Nominated by Walk My World
Yorkshire and North East England Bucket List
See the Stained Glass at York Minster
The Minster is the most iconic site in the beautiful city of York – my favorite city in the whole of the UK! The Minster is the highest structure in York and it is worth exploring all of the intricate carvings not the outside of the building. Inside, you should spend time admiring the beautiful stained glass rose window and for those who are more actively inclined I recommend climbing to the top of the Minster Tower for unrivaled views of the UK’s most beautiful city!
Visit Wentworth Woodhouse
Wentworth Woodhouse is the largest private home in the United Kingdom and is twice the length of Buckingham Palace! The house is located in the town of Wentworth in northern England. The earliest part of the house dates back to the 17th century and it was built by Thomas Watson-Wentworth. The Wentworth family would become one of the wealthiest families in England by the late 18th century because of their coal operations. At the height of their success the family had around 1,000 staff working at the house or on the grounds! The family’s fortune would begin to decline after WWII and parts of the house would eventually fall into disrepair. It was not until 2012 that it was first opened to public tours, and today there are active restoration efforts in the works to try to bring this house back to its former glory. Laurence and I did the tour a few years ago and really enjoyed it. The house contains around 360 rooms and a guided tour here is a great way to get a sense of the house’s immense size and lavish interiors. If you are fascinated by shows like Downton Abbey, I’d recommend putting this house on your itinerary!
Nominated by Independent Travel Cats
Visit the Coastal Village of Staithes
Add visiting the sleepy coastal village of Staithes to your ultimate UK bucket list. Race up the little stone steps towards Cowbar Cottages to experience one of the most instagrammable places in Yorkshire. The view above the river, overlooking the cliffs and harbour is quite breath-taking. After taking many photos walk back down the little stone steps past the pretty cottages into the village. Enter some of the lovely independent shops before enjoying a drink by the harbour. If you are lucky, you may spot a cormorant playing in the waves. Many tourists do not venture this far up the Yorkshire coast meaning that Staithes does not attract as many crowds as nearby Whitby or Scarborough. Staithes is very pretty and not as touristy as its southern neighbours so make sure you add this coastal village to your ultimate UK bucket list.
Nominated by My Travel Scrapbook
Broomstick Training at Alnwick Castle
Alnwick (pronounced Annick) is a market town in the North East of England with a mighty castle bearing the same name. This hulking behemoth, dating back to 1096, is home to the Duke of Northumberland, and the town’s main attraction. While its substantial historical significance and stunning gardens are enough to lure visitors, the castle’s doublelife as a movie star is another major draw. Having appeared in Transformers, Downton Abbey, Elizabeth and, of course, the first two Harry Potter films this place is a mecca for movie lovers and wannabe wizards. The castle and its grounds provided not only the original celluloid entrance to Hogwarts and the site where Ron crash-landed the Weasley’s flying car, but the pilgrimage-worthy location of Harry’s first Broomstick lesson. Today, the magical and muggle worlds collide at Alnwick, and young visitors can take their turn at mastering the broomstick. Kids will love tucking one of the castle’s custom broomsticks between their legs as they run wildly about the sprawling kid-friendly grounds. Once they get comfortable, Alnwick’s masterful teachers will tutor them in a series of wizardly skills that will soon have them broom levitating and eventually airborne.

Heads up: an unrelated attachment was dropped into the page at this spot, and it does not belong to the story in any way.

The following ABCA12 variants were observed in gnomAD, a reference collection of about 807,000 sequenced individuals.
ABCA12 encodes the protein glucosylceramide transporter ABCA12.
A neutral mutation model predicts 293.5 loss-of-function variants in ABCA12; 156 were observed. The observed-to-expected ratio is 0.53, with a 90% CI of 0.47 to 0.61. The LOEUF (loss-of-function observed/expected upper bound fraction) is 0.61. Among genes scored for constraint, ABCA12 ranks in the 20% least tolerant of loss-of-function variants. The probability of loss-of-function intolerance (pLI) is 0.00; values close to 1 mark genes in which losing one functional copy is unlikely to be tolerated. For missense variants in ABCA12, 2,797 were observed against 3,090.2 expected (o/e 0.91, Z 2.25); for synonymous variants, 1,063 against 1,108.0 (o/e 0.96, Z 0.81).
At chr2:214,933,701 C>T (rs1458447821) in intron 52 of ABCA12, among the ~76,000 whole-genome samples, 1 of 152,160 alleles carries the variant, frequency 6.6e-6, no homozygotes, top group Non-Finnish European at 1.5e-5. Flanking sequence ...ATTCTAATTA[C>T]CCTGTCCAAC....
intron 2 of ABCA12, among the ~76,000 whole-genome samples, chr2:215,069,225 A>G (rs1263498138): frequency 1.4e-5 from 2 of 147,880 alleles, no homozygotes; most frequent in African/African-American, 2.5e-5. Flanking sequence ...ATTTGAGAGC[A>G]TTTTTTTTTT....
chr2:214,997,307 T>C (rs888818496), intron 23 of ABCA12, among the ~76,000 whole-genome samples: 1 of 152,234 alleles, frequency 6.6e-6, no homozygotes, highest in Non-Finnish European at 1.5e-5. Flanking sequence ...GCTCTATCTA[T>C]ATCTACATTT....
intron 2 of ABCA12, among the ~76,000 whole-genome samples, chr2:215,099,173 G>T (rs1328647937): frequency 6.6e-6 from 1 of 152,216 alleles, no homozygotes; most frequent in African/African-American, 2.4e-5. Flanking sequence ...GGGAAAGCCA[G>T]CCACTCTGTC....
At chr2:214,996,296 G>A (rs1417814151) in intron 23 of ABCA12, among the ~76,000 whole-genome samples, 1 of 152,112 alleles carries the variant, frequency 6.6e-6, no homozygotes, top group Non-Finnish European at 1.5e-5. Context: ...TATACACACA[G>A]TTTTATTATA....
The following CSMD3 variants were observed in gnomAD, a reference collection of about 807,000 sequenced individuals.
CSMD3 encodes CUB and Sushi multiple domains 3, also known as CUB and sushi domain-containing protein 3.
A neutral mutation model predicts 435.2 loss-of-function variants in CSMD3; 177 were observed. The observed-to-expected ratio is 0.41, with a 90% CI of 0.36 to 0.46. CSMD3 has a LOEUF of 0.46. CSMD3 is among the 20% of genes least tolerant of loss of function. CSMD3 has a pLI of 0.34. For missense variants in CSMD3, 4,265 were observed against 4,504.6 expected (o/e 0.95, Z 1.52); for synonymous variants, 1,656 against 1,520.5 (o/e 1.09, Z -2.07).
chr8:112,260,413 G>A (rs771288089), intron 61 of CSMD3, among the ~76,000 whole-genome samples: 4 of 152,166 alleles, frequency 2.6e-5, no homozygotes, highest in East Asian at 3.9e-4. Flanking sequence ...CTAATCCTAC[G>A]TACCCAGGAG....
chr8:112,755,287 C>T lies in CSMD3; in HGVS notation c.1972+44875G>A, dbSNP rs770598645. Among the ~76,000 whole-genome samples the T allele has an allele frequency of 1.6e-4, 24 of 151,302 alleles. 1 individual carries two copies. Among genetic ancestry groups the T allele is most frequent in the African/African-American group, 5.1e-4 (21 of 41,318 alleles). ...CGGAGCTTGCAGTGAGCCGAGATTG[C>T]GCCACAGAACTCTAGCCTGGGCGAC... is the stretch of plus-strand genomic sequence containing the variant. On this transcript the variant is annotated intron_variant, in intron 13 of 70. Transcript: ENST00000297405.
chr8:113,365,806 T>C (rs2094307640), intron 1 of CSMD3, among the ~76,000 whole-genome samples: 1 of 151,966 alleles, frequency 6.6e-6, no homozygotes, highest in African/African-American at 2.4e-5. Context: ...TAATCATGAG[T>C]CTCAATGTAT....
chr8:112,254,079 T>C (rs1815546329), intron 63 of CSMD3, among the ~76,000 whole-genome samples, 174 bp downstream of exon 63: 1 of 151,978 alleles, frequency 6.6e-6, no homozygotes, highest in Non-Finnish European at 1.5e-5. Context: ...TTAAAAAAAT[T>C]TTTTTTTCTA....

Nominated by Boy Eats World
Wales Bucket List
Be Transported to Italy in Portmeirion
You may be in Wales but at Portmeirion you will feel like you have been transported to a quaint Italian village! The village was the brainchild of Sir Bertram Clough Williams-Ellis who turned the land he purchased into a colorful Mediterranean town – but in Wales! Portmeirion is also famous as the setting of the cult classic TV series, The Prisoner! Today you can visit Portmeirion for the day, and explore the buildings, have a fabulous lunch or wander along the beach and for those with more time on your hands you can stay in one of the apartments on site!
Visit the Finding dragons at Caerphilly Castle
No UK bucket list would be complete without hunting for the Caerphilly Castle dragonsin Wales. In 2016 a large red dragon by the name of Dewi appeared on the banks of Caerphilly Castle and promptly made it his home. A year later, a lady dragon, Dwynwen, joined him and together they’ve had babies.
The dragons sometimes tour the country on holiday but for most of the year they live in their dragon’s lair within the grounds of Caerphilly Castle. You can learn some of the history of the castle while gazing at the family. Just be warned, little ones might be wary of the smoke coming from the dragons and the claps of thunder in the background.
Caerphilly Castle is the second largest castle in the UK, dating from the 11thcentury and has a tower that leans to a greater degree than the Leaning Tower of Pisa. There are rooms such as the Great Hall, towers and battlements to explore along with a maze at the back of the castle. Caerphilly town itself is small, is situated north of Cardiff and can easily be combined with a visit to the Welsh capital.